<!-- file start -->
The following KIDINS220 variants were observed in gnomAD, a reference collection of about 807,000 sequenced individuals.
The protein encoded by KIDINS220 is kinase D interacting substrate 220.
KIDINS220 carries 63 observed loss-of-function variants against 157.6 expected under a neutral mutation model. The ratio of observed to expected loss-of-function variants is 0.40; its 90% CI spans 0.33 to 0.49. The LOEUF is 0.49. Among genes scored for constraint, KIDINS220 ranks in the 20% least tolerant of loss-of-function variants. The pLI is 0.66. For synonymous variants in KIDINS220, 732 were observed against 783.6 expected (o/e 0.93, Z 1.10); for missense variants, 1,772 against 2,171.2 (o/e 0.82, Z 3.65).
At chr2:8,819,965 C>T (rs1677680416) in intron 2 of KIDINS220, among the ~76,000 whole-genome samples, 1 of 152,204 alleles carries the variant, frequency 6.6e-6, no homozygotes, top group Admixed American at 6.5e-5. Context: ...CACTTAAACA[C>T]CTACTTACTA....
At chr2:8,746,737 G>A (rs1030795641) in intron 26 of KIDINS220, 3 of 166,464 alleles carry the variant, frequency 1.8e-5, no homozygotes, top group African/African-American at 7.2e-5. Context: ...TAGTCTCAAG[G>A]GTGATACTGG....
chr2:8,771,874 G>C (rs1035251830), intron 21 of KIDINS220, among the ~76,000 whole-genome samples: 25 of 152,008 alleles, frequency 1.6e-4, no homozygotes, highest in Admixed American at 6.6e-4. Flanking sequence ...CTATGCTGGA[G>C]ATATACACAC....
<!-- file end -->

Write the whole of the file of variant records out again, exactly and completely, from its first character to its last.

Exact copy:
The following KIDINS220 variants were observed in gnomAD, a reference collection of about 807,000 sequenced individuals.
The protein encoded by KIDINS220 is kinase D interacting substrate 220.
KIDINS220 carries 63 observed loss-of-function variants against 157.6 expected under a neutral mutation model. The ratio of observed to expected loss-of-function variants is 0.40; its 90% CI spans 0.33 to 0.49. The LOEUF is 0.49. Among genes scored for constraint, KIDINS220 ranks in the 20% least tolerant of loss-of-function variants. The pLI is 0.66. For synonymous variants in KIDINS220, 732 were observed against 783.6 expected (o/e 0.93, Z 1.10); for missense variants, 1,772 against 2,171.2 (o/e 0.82, Z 3.65).
At chr2:8,819,965 C>T (rs1677680416) in intron 2 of KIDINS220, among the ~76,000 whole-genome samples, 1 of 152,204 alleles carries the variant, frequency 6.6e-6, no homozygotes, top group Admixed American at 6.5e-5. Context: ...CACTTAAACA[C>T]CTACTTACTA....
At chr2:8,746,737 G>A (rs1030795641) in intron 26 of KIDINS220, 3 of 166,464 alleles carry the variant, frequency 1.8e-5, no homozygotes, top group African/African-American at 7.2e-5. Context: ...TAGTCTCAAG[G>A]GTGATACTGG....
chr2:8,771,874 G>C (rs1035251830), intron 21 of KIDINS220, among the ~76,000 whole-genome samples: 25 of 152,008 alleles, frequency 1.6e-4, no homozygotes, highest in Admixed American at 6.6e-4. Flanking sequence ...CTATGCTGGA[G>C]ATATACACAC....